In the semi-final, he accounted for the wickets of English openers Graeme Fowler and Chris Tavare, as the hosts slid from 69 for no loss to 213 all out. India won the game by six wickets. In the finals, he had Clive Lloyd caught by Kapil Dev to become the highest wicket taker (18 at an average of 18.66) of the tournament. India’s 43-run win in that game is well documented in the annals of cricketing history. The whole team understandably went berserk and, according to skipper Kapil Dev, Binny danced to Bhangra (popular dance form associated with Punjabi culture) for the first time that night.

Binny at the World Cup:

Versus Runs Scored Bowling figures
West Indies 27 3 for 48
Zimbabwe DNB 2 for 25
Australia 0 1 for 52
West Indies 1 3 for 71
Zimbabwe 22 2 for 45
Australia 21 4 for 29
England DNB 2 for 43
West Indies 2 1 for 23


Once during a party at the 1983 World Cup, when most players were in a daze owing to copious consumption of booze, Binny was pushed into a swimming pool by Kirti Azad. Soon, Azad got a taste of his own medicine as a few of them around him played the same prank and pushed him into the pool, oblivious of the fact that he couldn’t swim. It was Binny who fortunately went to Azad’s rescue at the time. This aspect of Binny’s was regularly called into play, for he was summoned every time his side was in danger of drowning, on the cricket field, and he did a fine job of rescue more often than not.

One such instance was in the September of 1983, against Pakistan, at Bangalore. He walked in to bat at 81 for five, and despite Sunil Gavaskar’s fall four runs later, scored an unbeaten 83 in 233 balls, sharing a record seventh-wicket stand of 155 with Madan Lal, to take India’s total to 275. The match ended in a draw. Another was at Headingley, a Test during which he registered figures of five for 40 in the first innings and later took two in the second as India won by a margin of 279 runs and gained an unassailable 2-0 lead in the series. The fact that this result was possible despite an average first innings total speaks volumes.

In the Calcutta Test of 1987, against Pakistan again, he dished out one of his best performances ever as a sturdy-looking line-up wilted under the pressure exerted by Binny, this after they were formidably placed at 178 for two. During India’s first innings, he thwacked 52 alongside Mohammad Azharuddin to push the total to 403. “Binny, recalled to the Test team in place of [Shivlal] Yadav, saw another hundred partnership posted. However, Binny’s moment was still to come. On the third day, allying the new ball to the late evening breeze from the Hooghly, he sliced through the Pakistan middle order with a spell of four for 9 in 30 balls. Next morning he added the wickets of [Abdul] Qadir and Tauseef [Ahmed] to finish with career-best figures in 25 Tests,” noted Wisden.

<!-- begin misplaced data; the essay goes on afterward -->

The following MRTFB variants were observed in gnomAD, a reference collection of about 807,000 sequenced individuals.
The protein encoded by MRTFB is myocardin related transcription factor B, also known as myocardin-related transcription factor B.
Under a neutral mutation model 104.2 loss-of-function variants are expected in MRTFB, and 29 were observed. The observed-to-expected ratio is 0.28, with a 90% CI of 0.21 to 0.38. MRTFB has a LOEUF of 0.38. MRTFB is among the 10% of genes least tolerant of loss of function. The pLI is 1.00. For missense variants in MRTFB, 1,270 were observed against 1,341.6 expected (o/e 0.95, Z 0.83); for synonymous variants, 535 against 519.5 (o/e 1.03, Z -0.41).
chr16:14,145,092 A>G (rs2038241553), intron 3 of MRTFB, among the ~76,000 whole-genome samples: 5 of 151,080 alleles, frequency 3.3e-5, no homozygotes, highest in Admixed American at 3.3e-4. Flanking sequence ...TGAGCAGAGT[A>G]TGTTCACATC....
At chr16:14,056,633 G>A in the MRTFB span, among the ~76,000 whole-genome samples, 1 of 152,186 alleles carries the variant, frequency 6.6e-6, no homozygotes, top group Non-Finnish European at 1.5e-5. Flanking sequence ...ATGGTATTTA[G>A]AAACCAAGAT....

Twenty-seven Tests indeed don’t do justice to Binny’s abilities, but he cannot complain, for he had his moments during a career that spanned eight years. Not only will he be remembered as one of India’s World Cup heroes, but also as a fine all-rounder who was responsible for pulling off many a heist for his side.

Format M Runs Highest Wickets Best
Test 27 830 83* 47 6/56
ODI 72 629 57 77 4/29



After retiring from the game in 1987, Binny continued playing domestic cricket for Karnataka till 1992. In 1999-2000, he returned to the sport as a coach and trained an Under-19 side that won the World Cup held in Sri Lanka. He also coached the Bengal side in 2009, before donning the national selector’s cap since 2012.

(Karthik Parimal, a Correspondent with CricketCountry, is a cricket aficionado and a worshipper of the game. He idolises Steve Waugh and can give up anything, absolutely anything, just to watch a Kumar Sangakkara cover drive. He can be followed on Twitter at